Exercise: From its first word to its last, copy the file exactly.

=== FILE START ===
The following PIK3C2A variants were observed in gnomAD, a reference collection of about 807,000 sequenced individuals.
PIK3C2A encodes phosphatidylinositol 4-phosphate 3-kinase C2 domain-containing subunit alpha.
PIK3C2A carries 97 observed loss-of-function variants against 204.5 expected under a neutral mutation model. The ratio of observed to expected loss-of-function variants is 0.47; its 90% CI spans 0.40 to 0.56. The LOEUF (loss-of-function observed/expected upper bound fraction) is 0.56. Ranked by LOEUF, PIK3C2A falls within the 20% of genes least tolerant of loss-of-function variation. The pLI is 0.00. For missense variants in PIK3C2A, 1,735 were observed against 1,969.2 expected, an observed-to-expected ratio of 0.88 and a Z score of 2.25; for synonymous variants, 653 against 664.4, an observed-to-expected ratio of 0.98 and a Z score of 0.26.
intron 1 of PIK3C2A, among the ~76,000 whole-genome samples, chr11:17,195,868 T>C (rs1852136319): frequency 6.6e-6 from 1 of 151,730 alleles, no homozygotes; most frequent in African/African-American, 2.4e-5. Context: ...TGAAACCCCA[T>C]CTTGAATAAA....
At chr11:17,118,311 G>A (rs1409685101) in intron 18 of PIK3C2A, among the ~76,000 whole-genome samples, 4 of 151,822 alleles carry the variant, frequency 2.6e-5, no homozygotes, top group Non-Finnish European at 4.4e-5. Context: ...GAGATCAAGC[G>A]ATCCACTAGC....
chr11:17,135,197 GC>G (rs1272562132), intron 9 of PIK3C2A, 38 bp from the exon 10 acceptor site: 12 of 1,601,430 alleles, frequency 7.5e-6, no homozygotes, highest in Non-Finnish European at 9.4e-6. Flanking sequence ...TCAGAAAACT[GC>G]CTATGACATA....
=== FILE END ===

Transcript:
The following PIK3C2A variants were observed in gnomAD, a reference collection of about 807,000 sequenced individuals.
PIK3C2A encodes phosphatidylinositol 4-phosphate 3-kinase C2 domain-containing subunit alpha.
PIK3C2A carries 97 observed loss-of-function variants against 204.5 expected under a neutral mutation model. The ratio of observed to expected loss-of-function variants is 0.47; its 90% CI spans 0.40 to 0.56. The LOEUF (loss-of-function observed/expected upper bound fraction) is 0.56. Ranked by LOEUF, PIK3C2A falls within the 20% of genes least tolerant of loss-of-function variation. The pLI is 0.00. For missense variants in PIK3C2A, 1,735 were observed against 1,969.2 expected, an observed-to-expected ratio of 0.88 and a Z score of 2.25; for synonymous variants, 653 against 664.4, an observed-to-expected ratio of 0.98 and a Z score of 0.26.
intron 1 of PIK3C2A, among the ~76,000 whole-genome samples, chr11:17,195,868 T>C (rs1852136319): frequency 6.6e-6 from 1 of 151,730 alleles, no homozygotes; most frequent in African/African-American, 2.4e-5. Context: ...TGAAACCCCA[T>C]CTTGAATAAA....
At chr11:17,118,311 G>A (rs1409685101) in intron 18 of PIK3C2A, among the ~76,000 whole-genome samples, 4 of 151,822 alleles carry the variant, frequency 2.6e-5, no homozygotes, top group Non-Finnish European at 4.4e-5. Context: ...GAGATCAAGC[G>A]ATCCACTAGC....
chr11:17,135,197 GC>G (rs1272562132), intron 9 of PIK3C2A, 38 bp from the exon 10 acceptor site: 12 of 1,601,430 alleles, frequency 7.5e-6, no homozygotes, highest in Non-Finnish European at 9.4e-6. Flanking sequence ...TCAGAAAACT[GC>G]CTATGACATA....